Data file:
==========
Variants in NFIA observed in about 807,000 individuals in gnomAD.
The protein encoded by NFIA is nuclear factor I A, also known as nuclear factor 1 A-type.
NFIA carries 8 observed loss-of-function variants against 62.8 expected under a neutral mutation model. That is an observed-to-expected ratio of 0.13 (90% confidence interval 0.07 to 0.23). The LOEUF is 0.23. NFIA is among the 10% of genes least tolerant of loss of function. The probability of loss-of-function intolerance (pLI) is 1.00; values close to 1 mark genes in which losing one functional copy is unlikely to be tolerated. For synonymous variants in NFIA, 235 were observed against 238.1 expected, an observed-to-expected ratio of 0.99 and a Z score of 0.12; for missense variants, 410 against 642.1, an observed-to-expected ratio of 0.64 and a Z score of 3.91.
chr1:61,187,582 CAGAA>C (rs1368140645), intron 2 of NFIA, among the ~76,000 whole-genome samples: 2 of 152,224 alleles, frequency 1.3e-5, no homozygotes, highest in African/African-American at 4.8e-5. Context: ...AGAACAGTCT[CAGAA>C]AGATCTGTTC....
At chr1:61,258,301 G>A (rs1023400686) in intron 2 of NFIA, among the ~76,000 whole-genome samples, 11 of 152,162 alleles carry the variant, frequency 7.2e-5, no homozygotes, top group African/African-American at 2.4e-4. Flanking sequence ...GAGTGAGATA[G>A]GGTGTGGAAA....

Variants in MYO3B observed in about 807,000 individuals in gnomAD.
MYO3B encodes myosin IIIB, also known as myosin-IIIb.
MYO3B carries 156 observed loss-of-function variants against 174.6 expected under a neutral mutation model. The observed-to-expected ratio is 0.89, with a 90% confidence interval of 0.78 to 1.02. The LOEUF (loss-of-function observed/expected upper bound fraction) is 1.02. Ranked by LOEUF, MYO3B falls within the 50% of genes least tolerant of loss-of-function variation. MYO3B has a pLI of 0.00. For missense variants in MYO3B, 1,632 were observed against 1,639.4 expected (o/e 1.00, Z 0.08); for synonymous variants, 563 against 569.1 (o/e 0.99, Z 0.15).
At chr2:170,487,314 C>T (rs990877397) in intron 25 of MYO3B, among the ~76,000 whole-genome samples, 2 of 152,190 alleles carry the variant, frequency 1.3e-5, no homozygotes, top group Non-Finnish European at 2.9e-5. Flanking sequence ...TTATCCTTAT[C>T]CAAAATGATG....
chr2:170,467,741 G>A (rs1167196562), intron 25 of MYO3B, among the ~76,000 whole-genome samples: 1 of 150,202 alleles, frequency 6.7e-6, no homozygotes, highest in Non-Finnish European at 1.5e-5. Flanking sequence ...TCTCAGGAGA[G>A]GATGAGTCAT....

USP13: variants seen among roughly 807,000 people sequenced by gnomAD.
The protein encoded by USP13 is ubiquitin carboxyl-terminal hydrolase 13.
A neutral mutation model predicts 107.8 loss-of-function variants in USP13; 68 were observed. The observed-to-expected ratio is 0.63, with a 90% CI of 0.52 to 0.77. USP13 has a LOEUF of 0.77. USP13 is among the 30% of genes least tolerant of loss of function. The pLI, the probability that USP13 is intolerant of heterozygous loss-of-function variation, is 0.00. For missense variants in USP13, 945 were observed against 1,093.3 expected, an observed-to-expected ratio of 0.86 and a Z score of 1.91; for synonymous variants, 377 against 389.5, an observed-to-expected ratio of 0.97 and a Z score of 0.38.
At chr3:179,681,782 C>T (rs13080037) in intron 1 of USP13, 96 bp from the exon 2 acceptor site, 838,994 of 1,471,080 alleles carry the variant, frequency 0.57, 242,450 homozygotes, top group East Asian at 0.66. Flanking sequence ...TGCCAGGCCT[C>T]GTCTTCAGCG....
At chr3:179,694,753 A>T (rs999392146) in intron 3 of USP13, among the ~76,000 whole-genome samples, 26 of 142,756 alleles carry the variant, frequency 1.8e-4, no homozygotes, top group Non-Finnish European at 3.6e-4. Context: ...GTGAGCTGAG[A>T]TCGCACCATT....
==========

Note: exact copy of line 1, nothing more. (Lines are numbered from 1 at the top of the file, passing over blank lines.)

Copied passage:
Variants in NFIA observed in about 807,000 individuals in gnomAD.